Gonorrhoea and syphilis are historically most notorious STD's. In a large prospective cohort study of Sutcliffe et al., gonorrhoea and syphilis were self-reported in 3% and 0.2%, respectively, and no relationship with PCa was observed . Self-report of gonorrhoea and/or syphilis was associated with PCa (OR 1.6, 95% CI 1.2-2.1) in a study of Hayes et al. Of note, however, serologic evidence of T. pallidum infection was found in 9.9% vs. 2% reported (in the black population) and 3.2% vs. 0.1% reported (in whites) . This fact illustrates how unreliable questionnaire and interview-based studies can be whether for recall bias, unwillingness to report a socially embarrassing disease such as STD or just by ignorance, i.e. failing to classify a condition as STD.
Our seroprevalence data for T. pallidum and N. gonorrhoeae are comparable for PCa and BPH patients. However, the statistical power is low due to the small number of patients to draw any reasonable conclusions.
Every research paper has its limitations and so does ours. Because blood samples were drawn after the diagnosis of PCa, we cannot state whether contact with the pathogen preceded or followed the evolution of cancer. Taking BPH patients as controls brings the risk of not coming to a meaningful conclusion if both conditions had the same (shared) etiology. On the other hand, virtually no healthy prostates exist in the age group our patients belong to.
This is the first study to our knowledge to demonstrate a higher U. urealyticum seroprevalence rate in PCa patients when compared to BPH controls. HPV 18 and C. trachomatis seropositivity was more common and the mean CMV antibody levels were higher in the control (BPH) group than among PCa cases. Unlike other research groups, we used open surgery-derived specimens exclusively for all analyses. This allowed us 1) to minimise the likelihood of misclassifying a tissue sample as benign if cancer was present and 2) to look for a correlation of PCa and infection in subgroups of patients depending on local disease stage. This novel type of analysis did not demonstrate any differences.
Disregarding inconsistencies of results of the previous studies, this one adds to the growing body of evidence that the presence or higher levels of serum antibodies to most of the genitourinary pathogens studied are not associated with an elevated PCa risk and/or a more malignant tumour behavior. Antibody seropositivity to these infectious agents does not emerge as a risk factor in screening or treatment decision making. Tissue analyses focused on viral or bacterial DNA presence could be a track to run to cast light onto possible association between PCa and infectious agents.
JHr is a PhD student of the 3rd Faculty of Medicine, Charles University, Prague; this work represents a part of his thesis. JHe is a research fellow at the same institution. EH is the head of the Laboratory for Prevention of Viral Infections, Institute of Hematology and Blood Transfusion. MU is the head of the Department of Urology of the 3rd Faculty of Medicine, Charles University, Prague.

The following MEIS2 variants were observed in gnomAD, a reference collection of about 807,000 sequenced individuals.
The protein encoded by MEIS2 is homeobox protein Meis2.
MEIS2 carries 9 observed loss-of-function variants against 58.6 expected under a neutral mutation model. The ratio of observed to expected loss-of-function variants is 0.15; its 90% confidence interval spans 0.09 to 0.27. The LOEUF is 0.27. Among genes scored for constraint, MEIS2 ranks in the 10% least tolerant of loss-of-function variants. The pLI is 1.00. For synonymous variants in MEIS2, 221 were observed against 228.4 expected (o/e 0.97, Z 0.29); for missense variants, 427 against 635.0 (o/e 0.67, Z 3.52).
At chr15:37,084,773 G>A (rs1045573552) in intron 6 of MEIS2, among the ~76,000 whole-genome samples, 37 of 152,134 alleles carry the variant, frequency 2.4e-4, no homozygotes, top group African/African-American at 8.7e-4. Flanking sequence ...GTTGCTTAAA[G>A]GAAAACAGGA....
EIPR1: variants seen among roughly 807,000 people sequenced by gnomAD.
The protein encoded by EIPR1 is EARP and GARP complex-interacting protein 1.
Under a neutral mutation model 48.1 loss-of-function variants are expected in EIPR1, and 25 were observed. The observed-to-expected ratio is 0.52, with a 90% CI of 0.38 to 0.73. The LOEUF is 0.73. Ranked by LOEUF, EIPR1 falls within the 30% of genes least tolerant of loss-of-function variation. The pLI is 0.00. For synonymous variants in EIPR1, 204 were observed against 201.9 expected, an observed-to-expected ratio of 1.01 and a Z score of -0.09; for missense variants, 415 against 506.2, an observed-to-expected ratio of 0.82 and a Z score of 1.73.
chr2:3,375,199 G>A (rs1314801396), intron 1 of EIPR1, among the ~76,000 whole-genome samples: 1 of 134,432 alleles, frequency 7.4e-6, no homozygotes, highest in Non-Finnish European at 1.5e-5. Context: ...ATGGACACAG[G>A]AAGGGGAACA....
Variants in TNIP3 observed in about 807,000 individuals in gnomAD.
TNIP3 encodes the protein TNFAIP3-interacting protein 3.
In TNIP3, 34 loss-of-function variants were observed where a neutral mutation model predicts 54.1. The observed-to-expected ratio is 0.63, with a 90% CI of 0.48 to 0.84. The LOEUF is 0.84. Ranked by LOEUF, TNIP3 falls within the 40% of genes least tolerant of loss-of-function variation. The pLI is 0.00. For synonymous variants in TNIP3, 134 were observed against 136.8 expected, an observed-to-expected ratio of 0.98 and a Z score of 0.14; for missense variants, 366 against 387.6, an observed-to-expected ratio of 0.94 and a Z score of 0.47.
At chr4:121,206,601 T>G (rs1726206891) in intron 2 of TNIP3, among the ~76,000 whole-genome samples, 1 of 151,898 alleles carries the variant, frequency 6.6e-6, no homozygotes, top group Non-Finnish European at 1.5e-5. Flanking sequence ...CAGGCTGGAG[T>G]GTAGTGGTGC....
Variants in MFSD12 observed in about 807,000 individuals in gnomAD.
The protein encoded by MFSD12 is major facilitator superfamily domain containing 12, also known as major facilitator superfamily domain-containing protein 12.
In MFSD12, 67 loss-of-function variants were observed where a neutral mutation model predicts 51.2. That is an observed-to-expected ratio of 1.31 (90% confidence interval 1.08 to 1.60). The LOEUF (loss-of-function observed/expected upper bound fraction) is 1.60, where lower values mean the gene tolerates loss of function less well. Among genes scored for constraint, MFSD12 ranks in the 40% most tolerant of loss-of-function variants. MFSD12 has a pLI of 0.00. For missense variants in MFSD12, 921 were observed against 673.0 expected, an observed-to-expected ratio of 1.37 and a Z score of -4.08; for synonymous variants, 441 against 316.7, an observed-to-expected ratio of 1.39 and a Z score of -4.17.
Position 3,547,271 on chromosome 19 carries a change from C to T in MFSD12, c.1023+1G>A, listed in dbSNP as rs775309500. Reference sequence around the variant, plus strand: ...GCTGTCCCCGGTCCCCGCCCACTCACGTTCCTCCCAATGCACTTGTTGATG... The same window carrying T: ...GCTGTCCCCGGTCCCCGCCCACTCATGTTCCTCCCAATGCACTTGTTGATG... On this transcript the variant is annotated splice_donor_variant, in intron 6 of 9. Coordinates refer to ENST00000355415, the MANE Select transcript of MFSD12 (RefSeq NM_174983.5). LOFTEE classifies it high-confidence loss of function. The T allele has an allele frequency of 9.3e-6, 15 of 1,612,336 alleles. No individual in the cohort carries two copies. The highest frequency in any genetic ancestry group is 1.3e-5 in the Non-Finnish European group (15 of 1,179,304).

The study was funded by the Internal Grant Agency of the Ministry of Health, grant no. NS9984.
- Marberger M: Prostate cancer 2008: Challenges in diagnosis and management. Eur Urol Suppl. 2009, 3: 89-96. 10.1016/j.eursup.2008.10.003.View ArticleGoogle Scholar
- Jemal A, Siegel R, Xu J, Ward E: Cancer Statistics, 2010. CA Cancer J Clin. 2010, 60: 277-300. 10.3322/caac.20073.View ArticlePubMedGoogle Scholar
- Herbert JT, Birkhoff JD, Feorino PM, Caldwell GG: Herpes simplex virus type 2 and cancer of the prostate. J Urol. 1976, 116: 611-612.PubMedGoogle Scholar
- Baker LH, Mebust WK, Chin TDY, Chapman AL, Hinthorn D, Towle D: The relationship of herpesvirus to carcinoma of the prostate. J Urol. 1981, 125: 370-374.PubMedGoogle Scholar
- Strickler HD, Burk R, Shah K, Viscidi R, Jackson A, Pizza G, Bertoni F, Schiller JT, Manns A, Metcalf R, Qu W, Goedert JJ: A multifaceted study of human papillomavirus and prostate carcinoma. Cancer. 1998, 82 (6): 1118-1125. 10.1002/(SICI)1097-0142(19980315)82:6<1118::AID-CNCR16>3.0.CO;2-9.View ArticlePubMedGoogle Scholar
- Hisada M, Rabkin CS, Strickler HD, Wright WE, Christianson RE, van den Berg BJ: Human papillovirus antibody and risk of prostate cancer. JAMA. 2000, 3: 340-341. 10.1001/jama.283.3.340-a.View ArticleGoogle Scholar
- Antilla T, Tenkanen L, Lumme S, Leinonen M, Gislefoss RE, Hallmans G, Thoresen S, Hakulinen T, Luostarinen T, Stattin P, Saikku P, Dillner J, Lehtinen M, Hakama M: Chlamydial antibodies and risk of prostate cancer. Cancer Epidemiol Biomarkers Prev. 2005, 14 (2): 385-389. 10.1158/1055-9965.EPI-03-0325.View ArticleGoogle Scholar
- Korodi Z, Dillner J, Jellum E, Lumme S, Hallmans G, Thoresen S, Hakulinen T, Stattin P, Luostarinen T, Lehtinen M, Hakama M: Human papillomavirus 16, 18, and 33 infections and risk of prostate cancer: a Nordic nested case-control study. Cancer Epidemiol Biomarkers Prev. 2005, 14 (12): 2952-2955. 10.1158/1055-9965.EPI-05-0602.View ArticlePubMedGoogle Scholar